Gerry Canavan

the smartest kid on earth

Posts Tagged ‘1930s

Thursday Is The Cruelest Month

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More Michele Bachmann Alternate Universe Woes

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More information is coming out about the alternate universe Michele Bachmann comes from: it turns out that in Bachmann’s timeline it was FDR’s Hoot-Smalley tariffs that turned an otherwise run-of-the-mill recession into the Great Depression.

Now, of course, in our universe this was called the Smoot-Hawley Act and it was signed into law in 1929 by Republican President Herbert Hoover. Moreover, here on Earth-1 FDR didn’t even take office until 1933, at which time the Depression was almost four years old.

We’ve got to find some way to send Bachmann back home.

Written by gerrycanavan

April 29, 2009 at 4:49 pm

Puns I’m Only Just Now Getting

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Puns I’m only just now getting: Oh, it was that sort of deal

I always thought it was a new accord/compromise/understanding/pact…

Written by gerrycanavan

April 20, 2009 at 11:44 pm

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Saturday Night’s All Right for Blogging

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Saturday night’s all right for blogging. After the first few links we even get to some stuff that’s not about Watchmen.

* Walter Chaw’s Watchmen review goes to many of the same places as my own, albeit in a more thoroughgoing way:

Freeze any frame of the film and find in it the panel that inspired it. With each section separated by grabs from the covers of the comic book’s initial run, fanboys should have no quarrel with the fidelity of the piece–but the reaction to the picture will likely continue to be fairly muted, as devotees of the graphic novel didn’t exactly appreciate it for its slickness and sexiness. I’d hazard that what attracted people to the book is that Moore’s vision is one of absolute respect for the power of the image in molding human history. Snyder does seem to understand this in restaging the Kennedy assassination with one of his masked heroes as the culprit, drawing a line pure and true from Zapruder’s inauguration of film as history to the comic-book medium’s inextricable hold on the collective imagination-in-formation. The power of Moore’s work is that it takes the divine and, like Milton’s mission, explains the ways of these gods to men in terms that men can understand: they’re corrupted by their power and governed by their avarice and the essential baseness of being human. This sentiment is all but jettisoned, alas, by the time Snyder recasts the pathetic victories of sexually-reawakened schlub Night Owl (Patrick Wilson) and paramour Silk Spectre (a severely overmatched Malin Akerman) as triumphant victories. Watchmen–filthy with its director’s now-trademark ramping technique–sees itself as a superhero adaptation of a human book. The failures of these characters are just weaknesses our übermenchen must overcome, not the foibles and hubris that lead to their downfall–and ours.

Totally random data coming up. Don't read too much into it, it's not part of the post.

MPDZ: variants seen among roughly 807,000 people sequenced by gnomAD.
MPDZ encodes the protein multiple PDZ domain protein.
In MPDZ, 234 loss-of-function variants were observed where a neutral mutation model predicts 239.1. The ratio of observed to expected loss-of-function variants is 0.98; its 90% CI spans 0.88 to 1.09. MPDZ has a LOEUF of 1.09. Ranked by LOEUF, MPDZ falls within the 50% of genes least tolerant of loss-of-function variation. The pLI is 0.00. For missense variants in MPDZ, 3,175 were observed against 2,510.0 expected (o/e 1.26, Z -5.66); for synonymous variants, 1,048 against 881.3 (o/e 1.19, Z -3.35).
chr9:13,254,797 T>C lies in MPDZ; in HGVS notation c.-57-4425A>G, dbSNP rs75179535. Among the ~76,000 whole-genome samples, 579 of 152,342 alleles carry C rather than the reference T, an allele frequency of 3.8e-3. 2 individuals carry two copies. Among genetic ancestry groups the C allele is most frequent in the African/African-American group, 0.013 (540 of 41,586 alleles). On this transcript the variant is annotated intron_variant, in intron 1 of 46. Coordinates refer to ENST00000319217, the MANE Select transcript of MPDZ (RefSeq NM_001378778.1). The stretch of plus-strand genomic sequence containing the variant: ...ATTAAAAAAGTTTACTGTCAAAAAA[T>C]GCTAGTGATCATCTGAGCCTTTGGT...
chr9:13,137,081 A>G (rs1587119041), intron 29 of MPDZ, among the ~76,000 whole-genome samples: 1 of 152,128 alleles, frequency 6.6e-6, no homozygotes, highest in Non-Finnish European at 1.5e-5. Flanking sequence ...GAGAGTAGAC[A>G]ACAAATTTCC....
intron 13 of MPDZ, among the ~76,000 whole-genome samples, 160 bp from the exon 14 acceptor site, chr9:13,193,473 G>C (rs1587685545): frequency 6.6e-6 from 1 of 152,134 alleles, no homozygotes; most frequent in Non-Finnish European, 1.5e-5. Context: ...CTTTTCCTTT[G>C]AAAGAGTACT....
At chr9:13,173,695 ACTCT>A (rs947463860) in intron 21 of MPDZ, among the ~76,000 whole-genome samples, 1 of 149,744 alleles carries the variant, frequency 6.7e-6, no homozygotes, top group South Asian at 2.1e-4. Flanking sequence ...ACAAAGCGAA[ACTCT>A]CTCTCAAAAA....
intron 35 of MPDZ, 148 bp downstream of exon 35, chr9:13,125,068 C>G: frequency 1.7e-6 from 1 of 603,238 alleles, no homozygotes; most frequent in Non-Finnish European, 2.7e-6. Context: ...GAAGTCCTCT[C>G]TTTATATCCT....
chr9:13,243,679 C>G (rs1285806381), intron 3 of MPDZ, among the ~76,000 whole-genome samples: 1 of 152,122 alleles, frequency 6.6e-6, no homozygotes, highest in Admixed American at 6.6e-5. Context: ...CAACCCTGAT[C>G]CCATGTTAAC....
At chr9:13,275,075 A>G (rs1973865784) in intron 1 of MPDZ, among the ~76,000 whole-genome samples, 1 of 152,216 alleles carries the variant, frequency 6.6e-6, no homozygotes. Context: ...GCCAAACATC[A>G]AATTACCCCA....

Vu and kate both get at this deep in the comments to my original post as well.

* Meanwhile, Spencer Ackerman says Watchmen is a “great film” and then spends the rest of the post explaining why it isn’t.

* The headline reads, Watchmen‘s first day disappoints.” You’re telling me!

* John Scalzi argues for a statute of limitations on spoilers.

Television: One week (because it’s generally episodic, and that’s how long you have until the next episode)

Movies: One year (time enough for everyone to see it in the theaters, on DVD and on cable)

Books: Five years (because books don’t reach nearly as many people at one time)

To my mind the whole “spoiler” hysteria needs to end; suspense is an overrated aesthetic in all but the rarest cultural productions.

* Husband, Wife Unaware They Are A Comedy Team.

* I suffered from this for years without knowing there was a name for it besides “being a college student.”

* Another picture of a grown-up Calvin and Hobbes for your collection.

* The economy and literature: Will this crisis produce a Gatsby? More at MeFi.

* Does the financial crisis signal the end of neo-liberalism? David Harvey on the credit crunch and class.

* Abandoned places: a LiveJournal community. (Thanks, Eli!)

* And attention would-be humanities grad students: there are no jobs. None.

The ‘C’ Word

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Al Giordano: ‘Thirty-two and the years that followed marked a paradigm shift for the American left, a time when certain tendencies of its creative class finally engaged in a conversation with the workers and for years after that listened to them and served their interests in the books, plays, songs and movies and journalism they wrote (the later McCarthyism purges in fact were aimed at breaking that historic alliance). The irony of that moment was that it took an electoral campaign and an unlikely president to catalyze that alliance.

When we hear, in 2008, a major party nominee for president at an hour of economic crisis unafraid to use the word “capitalism” critically, we can see that the American left is at just such an historic crossroads today.

Written by gerrycanavan

September 17, 2008 at 7:05 pm

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